Waste Management

Since 1990, Mannvit has been heavily involved in all phases of waste management consulting in Iceland. A recent project of note was, Mannvit was hired to perform a cost and benefit analysis of aerobic composting, anaerobic digestion, incineration and new landfill sites for several municipalities in Iceland, including the capital area, in 2006. The participating areas consisted of 34 municipalities with 250,000 inhabitants.

The main concern was the organic waste with potential greenhouse gas emissions.  According to EEC directives, the landfilling of organic waste must be reduced considerably in the near future and eventually phased out.  The waste companies are running out of landfill space and are having problems obtaining permission to open new landfills.

Waste Management Plan - Mannvit.is

Waste Management Plan

During the period from 2006 and 2007, several methods of treating organic and combustible waste were compared. The objective of the comparison was to determine the best method from an environmental and economic point of view.  All the methods considered utilized “best available technology” according to the EU IPPC. 

The different treatment methods, plant sizes and various possible sites were used in a cost optimization model to calculate the most cost effective solution for the area as a whole.  This resulted in a waste management plan based on the following premises:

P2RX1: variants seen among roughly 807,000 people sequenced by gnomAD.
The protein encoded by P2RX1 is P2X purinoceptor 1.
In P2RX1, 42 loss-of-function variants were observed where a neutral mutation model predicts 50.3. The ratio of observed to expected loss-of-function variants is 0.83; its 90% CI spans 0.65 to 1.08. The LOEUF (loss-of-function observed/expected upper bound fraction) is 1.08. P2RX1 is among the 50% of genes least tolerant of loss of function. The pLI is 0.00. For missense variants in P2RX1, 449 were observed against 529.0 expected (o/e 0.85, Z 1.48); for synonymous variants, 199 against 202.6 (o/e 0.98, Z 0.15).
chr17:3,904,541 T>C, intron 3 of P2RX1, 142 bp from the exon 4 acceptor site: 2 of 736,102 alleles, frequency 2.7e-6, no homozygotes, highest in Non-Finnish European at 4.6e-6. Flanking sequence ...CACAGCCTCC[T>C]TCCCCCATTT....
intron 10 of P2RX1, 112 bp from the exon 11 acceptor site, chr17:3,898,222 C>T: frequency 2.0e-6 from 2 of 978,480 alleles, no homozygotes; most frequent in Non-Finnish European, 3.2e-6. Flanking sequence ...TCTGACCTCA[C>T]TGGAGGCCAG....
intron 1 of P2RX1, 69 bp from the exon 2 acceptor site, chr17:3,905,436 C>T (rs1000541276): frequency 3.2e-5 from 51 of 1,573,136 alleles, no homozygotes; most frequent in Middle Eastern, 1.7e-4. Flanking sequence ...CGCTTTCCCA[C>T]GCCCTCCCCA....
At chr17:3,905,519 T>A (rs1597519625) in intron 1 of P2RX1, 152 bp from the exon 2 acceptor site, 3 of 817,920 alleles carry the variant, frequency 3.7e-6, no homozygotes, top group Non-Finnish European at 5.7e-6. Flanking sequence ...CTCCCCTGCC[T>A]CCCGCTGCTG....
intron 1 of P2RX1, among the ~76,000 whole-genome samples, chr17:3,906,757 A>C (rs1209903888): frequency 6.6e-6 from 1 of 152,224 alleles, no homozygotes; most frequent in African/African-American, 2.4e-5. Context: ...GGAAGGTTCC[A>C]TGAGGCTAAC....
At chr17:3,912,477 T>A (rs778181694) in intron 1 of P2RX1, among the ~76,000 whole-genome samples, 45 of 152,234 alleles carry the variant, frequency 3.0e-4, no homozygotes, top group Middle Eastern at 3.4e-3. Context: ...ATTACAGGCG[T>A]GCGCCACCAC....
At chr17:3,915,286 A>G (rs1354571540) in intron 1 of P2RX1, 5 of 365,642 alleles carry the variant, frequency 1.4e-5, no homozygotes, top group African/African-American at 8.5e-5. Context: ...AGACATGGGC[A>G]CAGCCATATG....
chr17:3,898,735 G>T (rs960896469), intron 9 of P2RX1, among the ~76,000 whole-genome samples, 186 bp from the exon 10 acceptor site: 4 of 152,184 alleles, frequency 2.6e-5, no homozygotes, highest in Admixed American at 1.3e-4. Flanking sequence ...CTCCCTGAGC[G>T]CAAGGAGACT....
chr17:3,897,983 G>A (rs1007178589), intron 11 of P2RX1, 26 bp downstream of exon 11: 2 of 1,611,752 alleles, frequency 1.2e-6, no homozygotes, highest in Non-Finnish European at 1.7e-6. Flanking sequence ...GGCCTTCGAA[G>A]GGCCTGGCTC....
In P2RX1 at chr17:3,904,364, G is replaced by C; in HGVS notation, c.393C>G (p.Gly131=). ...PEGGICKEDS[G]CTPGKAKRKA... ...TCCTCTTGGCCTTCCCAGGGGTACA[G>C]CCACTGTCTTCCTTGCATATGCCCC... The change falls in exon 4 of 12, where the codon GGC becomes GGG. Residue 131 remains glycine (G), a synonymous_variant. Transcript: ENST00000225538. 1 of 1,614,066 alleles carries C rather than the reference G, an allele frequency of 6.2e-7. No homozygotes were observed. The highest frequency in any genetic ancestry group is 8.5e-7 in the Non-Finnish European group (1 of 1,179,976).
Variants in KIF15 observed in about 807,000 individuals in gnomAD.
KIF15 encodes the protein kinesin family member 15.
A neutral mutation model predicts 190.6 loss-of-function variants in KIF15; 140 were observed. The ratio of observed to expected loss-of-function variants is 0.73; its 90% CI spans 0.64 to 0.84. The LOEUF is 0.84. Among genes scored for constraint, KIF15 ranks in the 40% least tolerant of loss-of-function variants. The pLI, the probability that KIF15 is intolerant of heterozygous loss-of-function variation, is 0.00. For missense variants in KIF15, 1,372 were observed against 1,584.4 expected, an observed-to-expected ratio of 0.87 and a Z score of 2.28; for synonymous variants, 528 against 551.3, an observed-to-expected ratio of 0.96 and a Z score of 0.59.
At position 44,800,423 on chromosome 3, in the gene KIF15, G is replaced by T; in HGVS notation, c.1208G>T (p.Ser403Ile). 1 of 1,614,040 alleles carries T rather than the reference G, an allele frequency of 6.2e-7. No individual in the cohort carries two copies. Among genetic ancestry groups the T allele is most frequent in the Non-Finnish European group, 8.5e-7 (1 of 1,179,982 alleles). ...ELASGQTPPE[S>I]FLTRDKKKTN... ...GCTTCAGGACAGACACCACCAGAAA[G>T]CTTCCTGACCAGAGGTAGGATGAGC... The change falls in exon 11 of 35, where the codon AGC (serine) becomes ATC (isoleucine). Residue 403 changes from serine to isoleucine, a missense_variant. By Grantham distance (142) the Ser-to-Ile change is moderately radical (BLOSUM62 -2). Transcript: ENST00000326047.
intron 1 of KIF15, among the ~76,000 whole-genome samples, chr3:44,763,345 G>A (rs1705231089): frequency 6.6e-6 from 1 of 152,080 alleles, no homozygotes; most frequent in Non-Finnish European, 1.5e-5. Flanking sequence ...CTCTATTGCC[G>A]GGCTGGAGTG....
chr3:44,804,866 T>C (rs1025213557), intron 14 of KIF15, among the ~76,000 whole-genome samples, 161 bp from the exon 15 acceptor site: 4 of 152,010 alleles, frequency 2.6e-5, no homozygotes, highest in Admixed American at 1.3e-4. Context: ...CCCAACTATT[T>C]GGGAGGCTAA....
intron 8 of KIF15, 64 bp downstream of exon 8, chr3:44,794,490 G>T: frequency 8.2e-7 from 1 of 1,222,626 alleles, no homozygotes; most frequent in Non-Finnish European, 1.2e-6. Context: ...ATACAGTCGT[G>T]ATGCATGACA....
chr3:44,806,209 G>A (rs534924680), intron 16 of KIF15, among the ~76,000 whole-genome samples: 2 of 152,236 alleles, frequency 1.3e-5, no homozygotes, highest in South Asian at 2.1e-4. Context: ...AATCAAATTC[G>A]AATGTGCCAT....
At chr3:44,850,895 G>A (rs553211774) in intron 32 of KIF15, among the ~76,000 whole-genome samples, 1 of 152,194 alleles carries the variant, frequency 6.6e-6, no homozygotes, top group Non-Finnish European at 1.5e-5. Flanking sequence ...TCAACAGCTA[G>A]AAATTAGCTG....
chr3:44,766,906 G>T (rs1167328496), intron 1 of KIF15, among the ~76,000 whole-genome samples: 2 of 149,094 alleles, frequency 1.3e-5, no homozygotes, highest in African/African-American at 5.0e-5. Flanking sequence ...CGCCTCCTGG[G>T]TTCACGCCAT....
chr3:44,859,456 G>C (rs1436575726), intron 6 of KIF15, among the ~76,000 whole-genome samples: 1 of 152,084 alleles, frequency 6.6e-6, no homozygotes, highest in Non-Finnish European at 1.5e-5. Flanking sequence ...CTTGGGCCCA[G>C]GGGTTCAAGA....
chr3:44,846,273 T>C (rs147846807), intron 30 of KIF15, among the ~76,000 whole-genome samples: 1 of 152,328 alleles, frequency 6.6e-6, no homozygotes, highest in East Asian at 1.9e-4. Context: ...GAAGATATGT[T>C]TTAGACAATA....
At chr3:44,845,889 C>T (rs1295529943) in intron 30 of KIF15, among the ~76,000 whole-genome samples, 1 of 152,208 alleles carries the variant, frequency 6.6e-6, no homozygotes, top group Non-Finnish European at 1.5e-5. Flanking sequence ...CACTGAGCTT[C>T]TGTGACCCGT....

• All landfilling of organic and combustible waste will be terminated no later than 2020
  • The hierarchy of waste treatment is based on the European waste hierarchy
  • Available landfill sites for the next 12 years operation were identified
  • Milestones for the next three years were set

The waste treatment hierarchy is as follows

In the recycling stage, reusable and recoverable waste is removed from the waste stream to avoid wasting valuable raw materials and to reduce the total amount of waste for treatment.

Suitable waste from the recycling stage is fed to an anaerobic digestion step to make as much biogas as practical from the organic portion. The biogas is purified to >95% methane and used as vehicle fuel to offset fossil fuel.

The remaining waste from the anaerobic digestion step plus another incoming stream of suitable waste is composted in an aerobic composting step. Depending on the selected technology for the composting, reusable and recoverable waste is removed from the waste stream before or after the composting step.

The recovered waste, e.g. plastics, rubber, wood, etc., will be used to produce solid recovered fuel (SRF) if economically viable. This fuel can be used to replace coal with subsequent carbon emission reduction.

We are a project-driven company with hands-on experience in composting, waste management, landfill gas, biogas and new landfill sites.


Sighvatur Óttarr Elefsen

Mechanical Engineer M.Sc.


+354 422 3130